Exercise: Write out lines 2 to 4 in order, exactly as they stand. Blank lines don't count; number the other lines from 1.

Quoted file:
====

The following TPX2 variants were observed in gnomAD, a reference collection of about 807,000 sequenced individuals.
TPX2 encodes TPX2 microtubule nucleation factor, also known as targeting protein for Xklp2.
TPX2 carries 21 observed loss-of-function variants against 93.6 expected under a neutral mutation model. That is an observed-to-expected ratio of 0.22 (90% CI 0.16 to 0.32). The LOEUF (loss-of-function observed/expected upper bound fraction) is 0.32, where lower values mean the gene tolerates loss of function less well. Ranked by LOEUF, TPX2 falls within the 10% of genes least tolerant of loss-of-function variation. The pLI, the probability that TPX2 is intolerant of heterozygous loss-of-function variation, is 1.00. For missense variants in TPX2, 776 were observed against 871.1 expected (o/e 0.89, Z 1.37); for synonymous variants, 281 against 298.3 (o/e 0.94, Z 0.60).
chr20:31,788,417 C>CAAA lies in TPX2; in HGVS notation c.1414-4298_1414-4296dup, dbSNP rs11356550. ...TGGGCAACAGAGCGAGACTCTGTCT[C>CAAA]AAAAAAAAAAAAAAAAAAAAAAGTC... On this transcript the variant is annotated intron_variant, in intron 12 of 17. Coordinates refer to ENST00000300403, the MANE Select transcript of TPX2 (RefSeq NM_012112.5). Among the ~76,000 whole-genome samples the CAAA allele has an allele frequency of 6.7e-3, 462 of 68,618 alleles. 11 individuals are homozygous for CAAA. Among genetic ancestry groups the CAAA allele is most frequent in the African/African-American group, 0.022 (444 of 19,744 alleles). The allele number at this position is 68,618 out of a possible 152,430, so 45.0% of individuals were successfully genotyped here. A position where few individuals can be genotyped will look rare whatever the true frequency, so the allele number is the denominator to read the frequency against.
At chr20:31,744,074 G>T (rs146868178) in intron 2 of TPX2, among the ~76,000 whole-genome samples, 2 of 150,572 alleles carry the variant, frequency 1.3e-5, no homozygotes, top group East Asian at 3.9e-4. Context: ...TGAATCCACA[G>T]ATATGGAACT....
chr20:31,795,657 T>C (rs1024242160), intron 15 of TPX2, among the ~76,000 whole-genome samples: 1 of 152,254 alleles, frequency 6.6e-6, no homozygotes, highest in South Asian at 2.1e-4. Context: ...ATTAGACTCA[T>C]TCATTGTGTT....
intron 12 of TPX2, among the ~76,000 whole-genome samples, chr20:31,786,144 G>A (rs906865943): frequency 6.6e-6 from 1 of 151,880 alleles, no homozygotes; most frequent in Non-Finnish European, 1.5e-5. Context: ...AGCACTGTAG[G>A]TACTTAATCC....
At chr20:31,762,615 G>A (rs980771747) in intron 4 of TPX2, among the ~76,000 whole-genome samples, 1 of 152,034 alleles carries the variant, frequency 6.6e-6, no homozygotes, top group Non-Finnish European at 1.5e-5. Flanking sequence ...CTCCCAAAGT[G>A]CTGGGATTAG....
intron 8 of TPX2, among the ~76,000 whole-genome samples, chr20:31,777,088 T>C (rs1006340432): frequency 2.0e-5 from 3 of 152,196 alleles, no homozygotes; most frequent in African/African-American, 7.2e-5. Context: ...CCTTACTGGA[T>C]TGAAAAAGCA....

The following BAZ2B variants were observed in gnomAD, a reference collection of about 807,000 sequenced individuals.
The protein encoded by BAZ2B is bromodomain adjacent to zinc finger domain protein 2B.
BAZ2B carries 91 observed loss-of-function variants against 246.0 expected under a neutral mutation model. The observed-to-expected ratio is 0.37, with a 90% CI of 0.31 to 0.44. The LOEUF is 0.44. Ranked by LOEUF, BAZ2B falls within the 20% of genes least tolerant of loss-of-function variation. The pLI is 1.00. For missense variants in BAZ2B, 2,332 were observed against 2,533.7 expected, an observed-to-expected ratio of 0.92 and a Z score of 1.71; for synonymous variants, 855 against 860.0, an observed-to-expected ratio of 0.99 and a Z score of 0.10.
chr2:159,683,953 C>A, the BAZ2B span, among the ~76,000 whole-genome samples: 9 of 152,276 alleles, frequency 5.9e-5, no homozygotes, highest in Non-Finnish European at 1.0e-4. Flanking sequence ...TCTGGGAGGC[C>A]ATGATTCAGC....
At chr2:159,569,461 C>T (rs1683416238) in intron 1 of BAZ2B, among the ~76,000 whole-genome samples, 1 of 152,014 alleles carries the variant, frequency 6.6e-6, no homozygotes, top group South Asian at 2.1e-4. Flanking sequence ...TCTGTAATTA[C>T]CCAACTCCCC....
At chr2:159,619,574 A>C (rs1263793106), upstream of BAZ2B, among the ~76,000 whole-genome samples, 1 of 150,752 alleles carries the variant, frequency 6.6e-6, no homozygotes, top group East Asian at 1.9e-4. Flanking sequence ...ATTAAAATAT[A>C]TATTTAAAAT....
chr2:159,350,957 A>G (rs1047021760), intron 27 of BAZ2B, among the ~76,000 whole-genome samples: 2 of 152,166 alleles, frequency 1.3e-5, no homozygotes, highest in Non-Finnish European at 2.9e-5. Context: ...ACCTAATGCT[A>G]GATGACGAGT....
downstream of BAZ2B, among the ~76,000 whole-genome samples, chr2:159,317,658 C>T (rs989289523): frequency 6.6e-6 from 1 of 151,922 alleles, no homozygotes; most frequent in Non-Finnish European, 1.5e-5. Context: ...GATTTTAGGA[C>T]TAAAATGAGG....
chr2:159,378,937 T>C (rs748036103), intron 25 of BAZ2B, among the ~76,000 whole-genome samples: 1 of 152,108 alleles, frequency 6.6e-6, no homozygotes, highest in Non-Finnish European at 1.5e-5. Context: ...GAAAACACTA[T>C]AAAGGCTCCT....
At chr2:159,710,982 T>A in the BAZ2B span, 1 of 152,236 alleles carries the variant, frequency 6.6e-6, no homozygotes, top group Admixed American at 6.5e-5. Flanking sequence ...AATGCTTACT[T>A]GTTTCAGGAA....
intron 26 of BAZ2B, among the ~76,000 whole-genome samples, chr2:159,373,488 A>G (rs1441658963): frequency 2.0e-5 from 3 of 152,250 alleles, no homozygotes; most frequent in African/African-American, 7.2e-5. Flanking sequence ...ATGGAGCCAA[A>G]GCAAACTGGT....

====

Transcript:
TPX2 encodes TPX2 microtubule nucleation factor, also known as targeting protein for Xklp2.
TPX2 carries 21 observed loss-of-function variants against 93.6 expected under a neutral mutation model. That is an observed-to-expected ratio of 0.22 (90% CI 0.16 to 0.32). The LOEUF (loss-of-function observed/expected upper bound fraction) is 0.32, where lower values mean the gene tolerates loss of function less well. Ranked by LOEUF, TPX2 falls within the 10% of genes least tolerant of loss-of-function variation. The pLI, the probability that TPX2 is intolerant of heterozygous loss-of-function variation, is 1.00. For missense variants in TPX2, 776 were observed against 871.1 expected (o/e 0.89, Z 1.37); for synonymous variants, 281 against 298.3 (o/e 0.94, Z 0.60).
chr20:31,788,417 C>CAAA lies in TPX2; in HGVS notation c.1414-4298_1414-4296dup, dbSNP rs11356550. ...TGGGCAACAGAGCGAGACTCTGTCT[C>CAAA]AAAAAAAAAAAAAAAAAAAAAAGTC... On this transcript the variant is annotated intron_variant, in intron 12 of 17. Coordinates refer to ENST00000300403, the MANE Select transcript of TPX2 (RefSeq NM_012112.5). Among the ~76,000 whole-genome samples the CAAA allele has an allele frequency of 6.7e-3, 462 of 68,618 alleles. 11 individuals are homozygous for CAAA. Among genetic ancestry groups the CAAA allele is most frequent in the African/African-American group, 0.022 (444 of 19,744 alleles). The allele number at this position is 68,618 out of a possible 152,430, so 45.0% of individuals were successfully genotyped here. A position where few individuals can be genotyped will look rare whatever the true frequency, so the allele number is the denominator to read the frequency against.